Burning material in the woods is generally a bad idea, anyway.
boots that have a full rubber or vibram sole. Tennis shoes and porous
footwear tend to leave more scent in areas that you walk in.
approaching an area you are going to hunt or where you have a tree stand,
stay off of the game trails and the travel corridors into the area. Come
in to the area through the thickets or through an area that game do not
some vegetation from the area you plan to hunt. Store all of your hunting
clothes in garbage bags with the vegetation. Even your underwear, pack,
etc. This is the best scent mask I have found. (tip: courtesy Jeff D)
through the woods like you are being chased by blood hounds and that your
scent trail should not be followed. Rocky areas do not hold scents, stream
beds wash away scent, high grasses and bushes hold scents.
use chewing tobacco, every spit broadcasts your presence for hundreds of
your portable tree stand in the off season with cut boughs from branches
from trees in your hunting area. This is a sure way to mask any scents you
might pick up from the storage area. (courtesy Tim T, Yakima)
to keep your sweating down to a minimum. Layer your clothes and add and
remove the layers dependent on how cold or warm you are. Polypropylene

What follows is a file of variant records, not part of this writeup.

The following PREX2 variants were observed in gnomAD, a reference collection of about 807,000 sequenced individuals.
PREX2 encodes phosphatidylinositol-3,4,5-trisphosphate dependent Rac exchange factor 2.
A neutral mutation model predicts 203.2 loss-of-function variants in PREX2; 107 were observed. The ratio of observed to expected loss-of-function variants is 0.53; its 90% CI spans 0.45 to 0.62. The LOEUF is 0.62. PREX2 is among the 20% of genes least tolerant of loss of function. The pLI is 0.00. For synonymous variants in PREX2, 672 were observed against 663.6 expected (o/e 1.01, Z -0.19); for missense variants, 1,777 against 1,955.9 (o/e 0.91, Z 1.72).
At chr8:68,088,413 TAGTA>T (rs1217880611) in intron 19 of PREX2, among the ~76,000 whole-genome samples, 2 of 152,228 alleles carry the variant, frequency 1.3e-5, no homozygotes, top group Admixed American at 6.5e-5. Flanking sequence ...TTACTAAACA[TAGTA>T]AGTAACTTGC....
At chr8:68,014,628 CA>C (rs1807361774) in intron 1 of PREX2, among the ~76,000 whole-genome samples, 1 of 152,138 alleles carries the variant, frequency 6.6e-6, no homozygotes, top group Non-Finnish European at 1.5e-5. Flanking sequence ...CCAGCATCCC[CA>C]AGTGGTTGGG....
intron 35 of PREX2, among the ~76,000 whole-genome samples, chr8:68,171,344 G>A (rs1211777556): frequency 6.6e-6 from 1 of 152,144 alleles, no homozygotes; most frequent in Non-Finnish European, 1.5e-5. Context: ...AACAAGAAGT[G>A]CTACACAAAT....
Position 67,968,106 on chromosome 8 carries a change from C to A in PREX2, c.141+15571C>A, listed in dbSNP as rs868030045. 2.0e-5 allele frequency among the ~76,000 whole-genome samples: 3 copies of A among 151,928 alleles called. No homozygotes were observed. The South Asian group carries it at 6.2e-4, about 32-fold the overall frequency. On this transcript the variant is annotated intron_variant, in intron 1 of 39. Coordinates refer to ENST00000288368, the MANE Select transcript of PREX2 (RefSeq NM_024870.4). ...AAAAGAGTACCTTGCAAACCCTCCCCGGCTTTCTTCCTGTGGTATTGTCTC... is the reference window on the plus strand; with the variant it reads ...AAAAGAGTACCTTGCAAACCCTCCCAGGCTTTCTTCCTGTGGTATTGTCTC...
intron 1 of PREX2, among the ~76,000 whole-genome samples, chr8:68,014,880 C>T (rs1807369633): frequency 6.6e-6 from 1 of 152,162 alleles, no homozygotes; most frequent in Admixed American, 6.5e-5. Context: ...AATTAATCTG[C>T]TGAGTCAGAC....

makes for great backpacking clothes, but, once you get body odor (sweat,
oil, you name it) the polypro now becomes a huge human scent bag. Try
smart wool, or any other new fabric which repels your sweat. (courtesy R
down completely prior to each hunt and wipe yourself down with unscented
baby wipes (cheap Wal-Mart brand will do) to remove human odor. Then dress
in hunting garb and spray each layer with your favorite cover scent.
can purchase very expensive scent masking clothes. If you decide to use
these items, ensure to follow the manufacturer's instructions to the
letter. Otherwise, the money you put into these devices will be wasted.
hunting from a stand, take along a urine bottle. Peeing off your stand
will broadcast your scent for miles in every direction. The same thing
applies to human feces. If nature calls, leave your stand and find an area
well away from the area you intend to actively hunt. Dig a big hole. Do
your business. Fill in the hole completely. Then cover the mound with
rocks, logs, bark, hubris etc.
cheapest and quickest way to help mask your scent is to get in the habit
of continually rubbing the leaves and plants in your hunting area against
your clothes. Continually reach over, pluck some leaves grind them into
your boots, pants, shirt, and hat. Pine, Cedar, Fir, and Sage give off a
very pungent odor which will help mute your own scent.
your clothes separate from your household clothes in commercially
available scent elimination soap, baking soda, or other “soup”. Store
your hunting clothes in a bag or plastic tub away from everyday items.